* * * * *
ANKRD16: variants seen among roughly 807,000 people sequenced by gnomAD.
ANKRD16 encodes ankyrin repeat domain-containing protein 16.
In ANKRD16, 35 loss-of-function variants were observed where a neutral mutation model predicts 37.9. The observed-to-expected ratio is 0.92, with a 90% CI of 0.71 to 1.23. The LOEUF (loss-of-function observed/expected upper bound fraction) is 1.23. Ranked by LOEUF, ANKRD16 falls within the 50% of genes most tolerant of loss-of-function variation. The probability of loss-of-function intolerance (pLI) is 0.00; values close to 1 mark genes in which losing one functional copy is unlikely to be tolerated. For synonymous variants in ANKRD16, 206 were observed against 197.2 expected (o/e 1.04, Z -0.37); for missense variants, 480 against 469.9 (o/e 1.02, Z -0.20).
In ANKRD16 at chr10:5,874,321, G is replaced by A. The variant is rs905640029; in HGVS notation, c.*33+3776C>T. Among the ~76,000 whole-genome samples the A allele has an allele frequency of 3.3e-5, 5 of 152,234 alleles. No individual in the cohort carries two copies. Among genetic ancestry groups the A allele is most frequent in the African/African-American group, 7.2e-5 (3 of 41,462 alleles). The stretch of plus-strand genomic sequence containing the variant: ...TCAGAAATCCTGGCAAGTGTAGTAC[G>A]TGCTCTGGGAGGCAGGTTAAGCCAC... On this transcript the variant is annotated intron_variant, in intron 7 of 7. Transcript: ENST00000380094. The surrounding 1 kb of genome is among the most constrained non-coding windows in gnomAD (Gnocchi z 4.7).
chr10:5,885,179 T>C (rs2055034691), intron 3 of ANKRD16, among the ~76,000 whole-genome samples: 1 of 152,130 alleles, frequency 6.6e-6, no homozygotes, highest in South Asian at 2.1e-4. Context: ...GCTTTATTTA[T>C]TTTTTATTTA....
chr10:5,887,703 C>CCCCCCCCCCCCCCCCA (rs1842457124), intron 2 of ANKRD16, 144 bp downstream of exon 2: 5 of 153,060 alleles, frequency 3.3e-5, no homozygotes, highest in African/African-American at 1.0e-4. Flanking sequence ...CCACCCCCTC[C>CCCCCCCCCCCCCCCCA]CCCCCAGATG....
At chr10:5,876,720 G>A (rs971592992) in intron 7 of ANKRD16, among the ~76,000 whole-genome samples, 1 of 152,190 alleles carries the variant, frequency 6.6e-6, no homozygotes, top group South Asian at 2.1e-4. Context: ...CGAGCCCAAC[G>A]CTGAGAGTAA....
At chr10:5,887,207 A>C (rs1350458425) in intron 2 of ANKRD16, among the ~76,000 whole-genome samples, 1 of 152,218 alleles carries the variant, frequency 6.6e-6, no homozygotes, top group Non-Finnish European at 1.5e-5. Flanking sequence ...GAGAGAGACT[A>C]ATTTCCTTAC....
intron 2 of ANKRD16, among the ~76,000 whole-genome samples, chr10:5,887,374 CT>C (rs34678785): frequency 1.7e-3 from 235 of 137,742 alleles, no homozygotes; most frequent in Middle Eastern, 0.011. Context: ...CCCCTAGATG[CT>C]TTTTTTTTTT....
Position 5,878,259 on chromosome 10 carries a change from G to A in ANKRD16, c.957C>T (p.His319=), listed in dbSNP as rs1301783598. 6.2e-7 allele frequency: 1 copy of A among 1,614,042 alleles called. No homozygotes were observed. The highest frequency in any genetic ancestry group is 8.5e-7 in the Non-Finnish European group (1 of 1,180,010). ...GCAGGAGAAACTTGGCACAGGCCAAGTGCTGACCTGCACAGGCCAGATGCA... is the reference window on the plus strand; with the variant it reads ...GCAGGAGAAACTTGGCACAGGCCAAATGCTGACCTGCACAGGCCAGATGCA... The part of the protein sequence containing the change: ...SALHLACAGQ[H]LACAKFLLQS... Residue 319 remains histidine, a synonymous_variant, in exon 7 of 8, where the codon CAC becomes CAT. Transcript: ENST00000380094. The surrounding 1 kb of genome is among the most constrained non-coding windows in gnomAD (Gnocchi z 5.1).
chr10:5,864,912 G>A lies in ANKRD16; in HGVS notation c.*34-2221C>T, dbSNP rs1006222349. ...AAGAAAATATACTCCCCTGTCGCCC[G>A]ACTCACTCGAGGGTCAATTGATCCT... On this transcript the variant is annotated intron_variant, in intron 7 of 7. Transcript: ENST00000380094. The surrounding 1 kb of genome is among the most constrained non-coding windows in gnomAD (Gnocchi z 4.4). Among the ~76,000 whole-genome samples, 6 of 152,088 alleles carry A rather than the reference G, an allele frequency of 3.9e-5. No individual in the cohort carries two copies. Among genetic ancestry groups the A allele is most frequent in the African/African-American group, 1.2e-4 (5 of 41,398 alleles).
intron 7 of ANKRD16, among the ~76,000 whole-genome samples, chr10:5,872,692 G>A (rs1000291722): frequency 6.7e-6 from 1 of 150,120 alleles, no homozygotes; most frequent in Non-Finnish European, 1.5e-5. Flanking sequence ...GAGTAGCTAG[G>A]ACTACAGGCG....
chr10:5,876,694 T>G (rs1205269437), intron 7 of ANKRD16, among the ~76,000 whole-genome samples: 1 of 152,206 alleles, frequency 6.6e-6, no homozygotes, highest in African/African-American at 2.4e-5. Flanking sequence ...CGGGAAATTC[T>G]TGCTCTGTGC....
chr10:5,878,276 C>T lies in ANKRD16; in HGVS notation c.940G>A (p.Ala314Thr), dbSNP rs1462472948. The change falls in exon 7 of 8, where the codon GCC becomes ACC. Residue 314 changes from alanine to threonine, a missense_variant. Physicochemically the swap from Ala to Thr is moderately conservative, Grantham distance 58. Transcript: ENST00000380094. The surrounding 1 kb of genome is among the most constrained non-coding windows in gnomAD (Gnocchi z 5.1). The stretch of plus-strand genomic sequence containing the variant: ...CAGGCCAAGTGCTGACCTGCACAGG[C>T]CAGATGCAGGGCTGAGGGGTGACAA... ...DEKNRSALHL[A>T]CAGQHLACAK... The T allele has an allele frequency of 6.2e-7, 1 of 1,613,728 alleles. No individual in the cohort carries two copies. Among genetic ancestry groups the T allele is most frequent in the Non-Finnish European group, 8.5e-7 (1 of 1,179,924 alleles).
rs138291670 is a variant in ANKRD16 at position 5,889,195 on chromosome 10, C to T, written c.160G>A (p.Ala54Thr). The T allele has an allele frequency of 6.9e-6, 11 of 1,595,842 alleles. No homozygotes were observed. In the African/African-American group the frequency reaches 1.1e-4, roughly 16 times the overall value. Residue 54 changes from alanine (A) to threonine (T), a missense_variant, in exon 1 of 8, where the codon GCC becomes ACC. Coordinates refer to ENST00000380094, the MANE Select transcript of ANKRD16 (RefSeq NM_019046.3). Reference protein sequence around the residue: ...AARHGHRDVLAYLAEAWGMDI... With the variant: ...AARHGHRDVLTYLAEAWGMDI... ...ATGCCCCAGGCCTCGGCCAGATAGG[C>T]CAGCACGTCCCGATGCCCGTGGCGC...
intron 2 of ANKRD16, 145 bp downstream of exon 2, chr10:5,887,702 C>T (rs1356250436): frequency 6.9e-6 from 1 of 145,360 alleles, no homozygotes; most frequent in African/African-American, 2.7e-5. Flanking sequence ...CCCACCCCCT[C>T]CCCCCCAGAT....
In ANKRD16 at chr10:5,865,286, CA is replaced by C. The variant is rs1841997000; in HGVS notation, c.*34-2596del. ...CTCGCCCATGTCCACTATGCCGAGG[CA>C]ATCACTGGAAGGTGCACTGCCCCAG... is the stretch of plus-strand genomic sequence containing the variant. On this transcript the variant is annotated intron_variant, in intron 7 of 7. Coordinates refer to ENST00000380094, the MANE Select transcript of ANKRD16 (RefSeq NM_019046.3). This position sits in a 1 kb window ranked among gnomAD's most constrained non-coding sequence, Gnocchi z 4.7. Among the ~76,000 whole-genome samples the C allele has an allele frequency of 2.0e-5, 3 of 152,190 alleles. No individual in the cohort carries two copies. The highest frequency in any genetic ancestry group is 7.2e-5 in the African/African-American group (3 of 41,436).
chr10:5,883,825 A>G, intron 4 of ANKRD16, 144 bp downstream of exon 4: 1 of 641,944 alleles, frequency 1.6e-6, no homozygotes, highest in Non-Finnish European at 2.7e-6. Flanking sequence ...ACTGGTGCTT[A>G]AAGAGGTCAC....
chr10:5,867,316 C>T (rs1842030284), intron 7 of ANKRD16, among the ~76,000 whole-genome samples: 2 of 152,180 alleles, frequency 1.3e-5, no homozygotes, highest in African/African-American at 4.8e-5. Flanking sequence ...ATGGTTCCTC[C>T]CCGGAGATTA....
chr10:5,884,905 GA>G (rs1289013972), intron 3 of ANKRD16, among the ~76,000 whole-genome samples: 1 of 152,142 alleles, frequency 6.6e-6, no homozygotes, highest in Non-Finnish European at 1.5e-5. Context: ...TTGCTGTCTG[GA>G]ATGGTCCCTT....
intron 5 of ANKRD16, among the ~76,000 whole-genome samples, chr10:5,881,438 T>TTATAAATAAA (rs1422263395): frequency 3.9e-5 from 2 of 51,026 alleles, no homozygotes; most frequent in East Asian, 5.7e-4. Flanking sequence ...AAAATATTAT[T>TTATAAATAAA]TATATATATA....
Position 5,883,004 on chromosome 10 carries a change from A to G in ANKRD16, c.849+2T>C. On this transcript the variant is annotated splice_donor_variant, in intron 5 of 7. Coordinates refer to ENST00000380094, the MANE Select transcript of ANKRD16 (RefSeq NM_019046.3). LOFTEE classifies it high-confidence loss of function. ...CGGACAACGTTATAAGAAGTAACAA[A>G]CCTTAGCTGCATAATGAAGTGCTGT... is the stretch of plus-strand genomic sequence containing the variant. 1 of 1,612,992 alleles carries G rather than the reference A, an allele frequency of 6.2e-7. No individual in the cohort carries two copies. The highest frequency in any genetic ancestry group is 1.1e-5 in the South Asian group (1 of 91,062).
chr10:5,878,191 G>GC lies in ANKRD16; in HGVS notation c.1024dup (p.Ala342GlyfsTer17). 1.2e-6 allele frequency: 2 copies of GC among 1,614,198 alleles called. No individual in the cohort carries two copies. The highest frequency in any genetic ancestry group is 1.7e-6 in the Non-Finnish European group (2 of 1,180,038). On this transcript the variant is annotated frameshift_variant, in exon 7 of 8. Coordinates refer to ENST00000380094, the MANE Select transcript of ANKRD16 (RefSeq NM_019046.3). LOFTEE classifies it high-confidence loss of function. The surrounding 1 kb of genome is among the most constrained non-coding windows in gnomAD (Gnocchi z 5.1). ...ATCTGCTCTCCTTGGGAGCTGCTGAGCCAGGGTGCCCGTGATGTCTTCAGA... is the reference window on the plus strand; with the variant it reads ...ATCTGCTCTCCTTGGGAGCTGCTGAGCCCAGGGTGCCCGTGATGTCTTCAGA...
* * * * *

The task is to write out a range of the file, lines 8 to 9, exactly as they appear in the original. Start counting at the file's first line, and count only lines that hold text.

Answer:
At chr10:5,887,207 A>C (rs1350458425) in intron 2 of ANKRD16, among the ~76,000 whole-genome samples, 1 of 152,218 alleles carries the variant, frequency 6.6e-6, no homozygotes, top group Non-Finnish European at 1.5e-5. Flanking sequence ...GAGAGAGACT[A>C]ATTTCCTTAC....
intron 2 of ANKRD16, among the ~76,000 whole-genome samples, chr10:5,887,374 CT>C (rs34678785): frequency 1.7e-3 from 235 of 137,742 alleles, no homozygotes; most frequent in Middle Eastern, 0.011. Context: ...CCCCTAGATG[CT>C]TTTTTTTTTT....